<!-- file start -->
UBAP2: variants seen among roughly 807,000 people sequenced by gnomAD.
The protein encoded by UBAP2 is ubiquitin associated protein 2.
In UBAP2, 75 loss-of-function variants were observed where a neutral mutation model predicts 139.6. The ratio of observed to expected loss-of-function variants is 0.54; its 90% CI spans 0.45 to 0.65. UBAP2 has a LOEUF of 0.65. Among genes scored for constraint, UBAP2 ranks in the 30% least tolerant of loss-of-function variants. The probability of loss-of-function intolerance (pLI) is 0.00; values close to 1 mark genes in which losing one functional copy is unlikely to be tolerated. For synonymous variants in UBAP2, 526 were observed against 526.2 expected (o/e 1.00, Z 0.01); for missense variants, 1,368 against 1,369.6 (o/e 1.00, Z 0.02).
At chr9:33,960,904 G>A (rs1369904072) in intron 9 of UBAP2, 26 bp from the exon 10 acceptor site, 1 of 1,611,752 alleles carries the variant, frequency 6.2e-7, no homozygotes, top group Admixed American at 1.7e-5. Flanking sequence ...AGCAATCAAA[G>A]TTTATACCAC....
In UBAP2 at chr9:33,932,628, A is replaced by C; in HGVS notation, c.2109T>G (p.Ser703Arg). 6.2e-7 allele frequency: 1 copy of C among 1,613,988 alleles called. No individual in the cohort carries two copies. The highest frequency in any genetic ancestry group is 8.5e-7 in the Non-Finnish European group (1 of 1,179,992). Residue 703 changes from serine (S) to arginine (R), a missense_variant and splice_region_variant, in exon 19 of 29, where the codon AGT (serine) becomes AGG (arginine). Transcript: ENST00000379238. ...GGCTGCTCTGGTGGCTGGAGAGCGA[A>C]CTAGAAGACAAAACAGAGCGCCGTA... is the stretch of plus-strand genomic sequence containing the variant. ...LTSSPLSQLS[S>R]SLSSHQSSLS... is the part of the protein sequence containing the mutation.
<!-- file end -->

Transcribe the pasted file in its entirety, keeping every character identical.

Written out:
UBAP2: variants seen among roughly 807,000 people sequenced by gnomAD.
The protein encoded by UBAP2 is ubiquitin associated protein 2.
In UBAP2, 75 loss-of-function variants were observed where a neutral mutation model predicts 139.6. The ratio of observed to expected loss-of-function variants is 0.54; its 90% CI spans 0.45 to 0.65. UBAP2 has a LOEUF of 0.65. Among genes scored for constraint, UBAP2 ranks in the 30% least tolerant of loss-of-function variants. The probability of loss-of-function intolerance (pLI) is 0.00; values close to 1 mark genes in which losing one functional copy is unlikely to be tolerated. For synonymous variants in UBAP2, 526 were observed against 526.2 expected (o/e 1.00, Z 0.01); for missense variants, 1,368 against 1,369.6 (o/e 1.00, Z 0.02).
At chr9:33,960,904 G>A (rs1369904072) in intron 9 of UBAP2, 26 bp from the exon 10 acceptor site, 1 of 1,611,752 alleles carries the variant, frequency 6.2e-7, no homozygotes, top group Admixed American at 1.7e-5. Flanking sequence ...AGCAATCAAA[G>A]TTTATACCAC....
In UBAP2 at chr9:33,932,628, A is replaced by C; in HGVS notation, c.2109T>G (p.Ser703Arg). 6.2e-7 allele frequency: 1 copy of C among 1,613,988 alleles called. No individual in the cohort carries two copies. The highest frequency in any genetic ancestry group is 8.5e-7 in the Non-Finnish European group (1 of 1,179,992). Residue 703 changes from serine (S) to arginine (R), a missense_variant and splice_region_variant, in exon 19 of 29, where the codon AGT (serine) becomes AGG (arginine). Transcript: ENST00000379238. ...GGCTGCTCTGGTGGCTGGAGAGCGA[A>C]CTAGAAGACAAAACAGAGCGCCGTA... is the stretch of plus-strand genomic sequence containing the variant. ...LTSSPLSQLS[S>R]SLSSHQSSLS... is the part of the protein sequence containing the mutation.